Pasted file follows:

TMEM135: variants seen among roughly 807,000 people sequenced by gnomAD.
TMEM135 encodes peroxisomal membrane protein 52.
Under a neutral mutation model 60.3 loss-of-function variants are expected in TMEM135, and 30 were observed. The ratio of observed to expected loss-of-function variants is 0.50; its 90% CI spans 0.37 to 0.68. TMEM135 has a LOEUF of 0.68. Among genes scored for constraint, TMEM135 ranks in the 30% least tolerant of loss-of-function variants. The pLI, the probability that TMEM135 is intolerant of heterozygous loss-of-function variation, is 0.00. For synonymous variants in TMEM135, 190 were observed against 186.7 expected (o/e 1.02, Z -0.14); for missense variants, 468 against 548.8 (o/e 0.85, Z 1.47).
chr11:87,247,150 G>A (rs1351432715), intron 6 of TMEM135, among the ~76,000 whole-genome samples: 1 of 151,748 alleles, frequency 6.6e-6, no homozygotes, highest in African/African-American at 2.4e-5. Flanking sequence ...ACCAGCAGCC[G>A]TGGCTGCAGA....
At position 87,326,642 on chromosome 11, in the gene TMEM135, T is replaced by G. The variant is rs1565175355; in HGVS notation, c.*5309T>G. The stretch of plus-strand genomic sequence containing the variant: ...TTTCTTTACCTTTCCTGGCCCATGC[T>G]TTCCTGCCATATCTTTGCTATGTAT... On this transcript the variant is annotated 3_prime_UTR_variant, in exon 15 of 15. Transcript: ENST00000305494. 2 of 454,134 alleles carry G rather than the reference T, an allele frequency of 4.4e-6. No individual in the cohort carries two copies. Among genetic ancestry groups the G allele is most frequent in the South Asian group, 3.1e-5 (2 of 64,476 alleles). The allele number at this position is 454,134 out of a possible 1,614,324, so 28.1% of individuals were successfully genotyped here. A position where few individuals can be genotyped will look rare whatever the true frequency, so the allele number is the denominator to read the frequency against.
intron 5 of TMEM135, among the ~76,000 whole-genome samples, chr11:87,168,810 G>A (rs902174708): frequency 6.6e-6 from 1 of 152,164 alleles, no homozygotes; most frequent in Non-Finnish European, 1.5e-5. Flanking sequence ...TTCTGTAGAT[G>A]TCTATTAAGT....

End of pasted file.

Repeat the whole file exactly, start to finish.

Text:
TMEM135: variants seen among roughly 807,000 people sequenced by gnomAD.
TMEM135 encodes peroxisomal membrane protein 52.
Under a neutral mutation model 60.3 loss-of-function variants are expected in TMEM135, and 30 were observed. The ratio of observed to expected loss-of-function variants is 0.50; its 90% CI spans 0.37 to 0.68. TMEM135 has a LOEUF of 0.68. Among genes scored for constraint, TMEM135 ranks in the 30% least tolerant of loss-of-function variants. The pLI, the probability that TMEM135 is intolerant of heterozygous loss-of-function variation, is 0.00. For synonymous variants in TMEM135, 190 were observed against 186.7 expected (o/e 1.02, Z -0.14); for missense variants, 468 against 548.8 (o/e 0.85, Z 1.47).
chr11:87,247,150 G>A (rs1351432715), intron 6 of TMEM135, among the ~76,000 whole-genome samples: 1 of 151,748 alleles, frequency 6.6e-6, no homozygotes, highest in African/African-American at 2.4e-5. Flanking sequence ...ACCAGCAGCC[G>A]TGGCTGCAGA....
At position 87,326,642 on chromosome 11, in the gene TMEM135, T is replaced by G. The variant is rs1565175355; in HGVS notation, c.*5309T>G. The stretch of plus-strand genomic sequence containing the variant: ...TTTCTTTACCTTTCCTGGCCCATGC[T>G]TTCCTGCCATATCTTTGCTATGTAT... On this transcript the variant is annotated 3_prime_UTR_variant, in exon 15 of 15. Transcript: ENST00000305494. 2 of 454,134 alleles carry G rather than the reference T, an allele frequency of 4.4e-6. No individual in the cohort carries two copies. Among genetic ancestry groups the G allele is most frequent in the South Asian group, 3.1e-5 (2 of 64,476 alleles). The allele number at this position is 454,134 out of a possible 1,614,324, so 28.1% of individuals were successfully genotyped here. A position where few individuals can be genotyped will look rare whatever the true frequency, so the allele number is the denominator to read the frequency against.
intron 5 of TMEM135, among the ~76,000 whole-genome samples, chr11:87,168,810 G>A (rs902174708): frequency 6.6e-6 from 1 of 152,164 alleles, no homozygotes; most frequent in Non-Finnish European, 1.5e-5. Flanking sequence ...TTCTGTAGAT[G>A]TCTATTAAGT....